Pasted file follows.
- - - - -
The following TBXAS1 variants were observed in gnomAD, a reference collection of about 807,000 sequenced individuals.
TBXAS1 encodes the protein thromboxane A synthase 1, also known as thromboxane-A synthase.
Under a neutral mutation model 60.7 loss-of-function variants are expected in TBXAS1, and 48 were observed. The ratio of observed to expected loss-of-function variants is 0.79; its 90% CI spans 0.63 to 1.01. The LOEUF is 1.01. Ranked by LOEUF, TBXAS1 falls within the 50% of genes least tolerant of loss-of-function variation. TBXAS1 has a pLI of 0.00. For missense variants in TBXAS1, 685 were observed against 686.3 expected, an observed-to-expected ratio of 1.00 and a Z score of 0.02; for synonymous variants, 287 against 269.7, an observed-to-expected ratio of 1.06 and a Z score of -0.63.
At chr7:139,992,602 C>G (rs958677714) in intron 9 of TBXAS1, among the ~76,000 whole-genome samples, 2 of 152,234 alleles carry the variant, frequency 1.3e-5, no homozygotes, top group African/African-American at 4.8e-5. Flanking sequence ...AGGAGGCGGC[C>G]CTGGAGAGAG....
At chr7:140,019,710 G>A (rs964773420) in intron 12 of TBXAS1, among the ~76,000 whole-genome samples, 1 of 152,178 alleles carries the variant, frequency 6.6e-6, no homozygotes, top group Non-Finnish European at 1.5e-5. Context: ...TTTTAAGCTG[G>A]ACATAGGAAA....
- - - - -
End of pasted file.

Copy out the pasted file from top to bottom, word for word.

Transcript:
The following TBXAS1 variants were observed in gnomAD, a reference collection of about 807,000 sequenced individuals.
TBXAS1 encodes the protein thromboxane A synthase 1, also known as thromboxane-A synthase.
Under a neutral mutation model 60.7 loss-of-function variants are expected in TBXAS1, and 48 were observed. The ratio of observed to expected loss-of-function variants is 0.79; its 90% CI spans 0.63 to 1.01. The LOEUF is 1.01. Ranked by LOEUF, TBXAS1 falls within the 50% of genes least tolerant of loss-of-function variation. TBXAS1 has a pLI of 0.00. For missense variants in TBXAS1, 685 were observed against 686.3 expected, an observed-to-expected ratio of 1.00 and a Z score of 0.02; for synonymous variants, 287 against 269.7, an observed-to-expected ratio of 1.06 and a Z score of -0.63.
At chr7:139,992,602 C>G (rs958677714) in intron 9 of TBXAS1, among the ~76,000 whole-genome samples, 2 of 152,234 alleles carry the variant, frequency 1.3e-5, no homozygotes, top group African/African-American at 4.8e-5. Flanking sequence ...AGGAGGCGGC[C>G]CTGGAGAGAG....
At chr7:140,019,710 G>A (rs964773420) in intron 12 of TBXAS1, among the ~76,000 whole-genome samples, 1 of 152,178 alleles carries the variant, frequency 6.6e-6, no homozygotes, top group Non-Finnish European at 1.5e-5. Context: ...TTTTAAGCTG[G>A]ACATAGGAAA....